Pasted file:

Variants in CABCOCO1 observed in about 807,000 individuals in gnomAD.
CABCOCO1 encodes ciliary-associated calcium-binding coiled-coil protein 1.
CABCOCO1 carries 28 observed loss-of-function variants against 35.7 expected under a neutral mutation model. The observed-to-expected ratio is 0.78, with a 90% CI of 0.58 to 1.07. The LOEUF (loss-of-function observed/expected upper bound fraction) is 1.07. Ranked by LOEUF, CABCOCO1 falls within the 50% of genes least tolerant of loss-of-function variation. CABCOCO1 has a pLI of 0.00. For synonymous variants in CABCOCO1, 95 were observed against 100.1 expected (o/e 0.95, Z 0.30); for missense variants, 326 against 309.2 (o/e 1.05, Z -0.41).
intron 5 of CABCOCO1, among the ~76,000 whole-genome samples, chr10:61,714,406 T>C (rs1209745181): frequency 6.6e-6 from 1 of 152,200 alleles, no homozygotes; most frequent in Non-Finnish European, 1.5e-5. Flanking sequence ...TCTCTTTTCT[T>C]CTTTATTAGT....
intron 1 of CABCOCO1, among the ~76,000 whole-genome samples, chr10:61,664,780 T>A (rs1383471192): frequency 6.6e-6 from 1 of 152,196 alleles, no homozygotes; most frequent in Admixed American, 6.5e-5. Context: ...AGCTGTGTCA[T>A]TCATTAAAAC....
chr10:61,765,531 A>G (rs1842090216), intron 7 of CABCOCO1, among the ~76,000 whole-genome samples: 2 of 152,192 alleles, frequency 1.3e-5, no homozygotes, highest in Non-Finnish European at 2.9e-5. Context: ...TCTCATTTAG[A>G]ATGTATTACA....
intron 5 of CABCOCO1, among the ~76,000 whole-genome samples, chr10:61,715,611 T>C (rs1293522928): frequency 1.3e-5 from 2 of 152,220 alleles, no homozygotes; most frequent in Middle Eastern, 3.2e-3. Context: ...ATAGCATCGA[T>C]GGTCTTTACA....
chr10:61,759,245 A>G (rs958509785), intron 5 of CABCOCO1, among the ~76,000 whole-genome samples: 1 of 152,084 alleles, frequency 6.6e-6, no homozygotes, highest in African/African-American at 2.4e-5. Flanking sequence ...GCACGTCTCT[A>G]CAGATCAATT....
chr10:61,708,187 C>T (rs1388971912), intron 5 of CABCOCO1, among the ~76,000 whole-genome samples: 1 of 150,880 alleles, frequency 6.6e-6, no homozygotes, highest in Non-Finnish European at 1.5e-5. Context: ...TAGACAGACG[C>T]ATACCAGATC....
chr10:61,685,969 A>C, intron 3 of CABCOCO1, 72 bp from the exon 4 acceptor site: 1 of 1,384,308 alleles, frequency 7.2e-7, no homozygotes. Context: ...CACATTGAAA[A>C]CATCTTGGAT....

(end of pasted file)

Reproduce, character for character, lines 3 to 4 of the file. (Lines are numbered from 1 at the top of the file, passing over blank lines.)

CABCOCO1 carries 28 observed loss-of-function variants against 35.7 expected under a neutral mutation model. The observed-to-expected ratio is 0.78, with a 90% CI of 0.58 to 1.07. The LOEUF (loss-of-function observed/expected upper bound fraction) is 1.07. Ranked by LOEUF, CABCOCO1 falls within the 50% of genes least tolerant of loss-of-function variation. CABCOCO1 has a pLI of 0.00. For synonymous variants in CABCOCO1, 95 were observed against 100.1 expected (o/e 0.95, Z 0.30); for missense variants, 326 against 309.2 (o/e 1.05, Z -0.41).
intron 5 of CABCOCO1, among the ~76,000 whole-genome samples, chr10:61,714,406 T>C (rs1209745181): frequency 6.6e-6 from 1 of 152,200 alleles, no homozygotes; most frequent in Non-Finnish European, 1.5e-5. Flanking sequence ...TCTCTTTTCT[T>C]CTTTATTAGT....